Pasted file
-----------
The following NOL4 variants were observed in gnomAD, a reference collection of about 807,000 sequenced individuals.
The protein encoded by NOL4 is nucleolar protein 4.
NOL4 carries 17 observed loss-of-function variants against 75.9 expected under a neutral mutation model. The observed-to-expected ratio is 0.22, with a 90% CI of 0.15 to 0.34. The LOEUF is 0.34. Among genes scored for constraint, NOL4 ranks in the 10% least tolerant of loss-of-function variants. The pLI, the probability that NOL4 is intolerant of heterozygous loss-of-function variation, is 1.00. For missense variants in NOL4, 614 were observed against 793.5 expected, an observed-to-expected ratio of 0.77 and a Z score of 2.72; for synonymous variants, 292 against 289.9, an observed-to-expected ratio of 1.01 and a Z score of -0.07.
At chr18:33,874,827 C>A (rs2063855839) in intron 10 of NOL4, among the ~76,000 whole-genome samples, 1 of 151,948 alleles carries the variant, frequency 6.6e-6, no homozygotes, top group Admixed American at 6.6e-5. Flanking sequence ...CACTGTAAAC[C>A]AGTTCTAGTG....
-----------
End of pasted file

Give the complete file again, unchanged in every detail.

The following NOL4 variants were observed in gnomAD, a reference collection of about 807,000 sequenced individuals.
The protein encoded by NOL4 is nucleolar protein 4.
NOL4 carries 17 observed loss-of-function variants against 75.9 expected under a neutral mutation model. The observed-to-expected ratio is 0.22, with a 90% CI of 0.15 to 0.34. The LOEUF is 0.34. Among genes scored for constraint, NOL4 ranks in the 10% least tolerant of loss-of-function variants. The pLI, the probability that NOL4 is intolerant of heterozygous loss-of-function variation, is 1.00. For missense variants in NOL4, 614 were observed against 793.5 expected, an observed-to-expected ratio of 0.77 and a Z score of 2.72; for synonymous variants, 292 against 289.9, an observed-to-expected ratio of 1.01 and a Z score of -0.07.
At chr18:33,874,827 C>A (rs2063855839) in intron 10 of NOL4, among the ~76,000 whole-genome samples, 1 of 151,948 alleles carries the variant, frequency 6.6e-6, no homozygotes, top group Admixed American at 6.6e-5. Flanking sequence ...CACTGTAAAC[C>A]AGTTCTAGTG....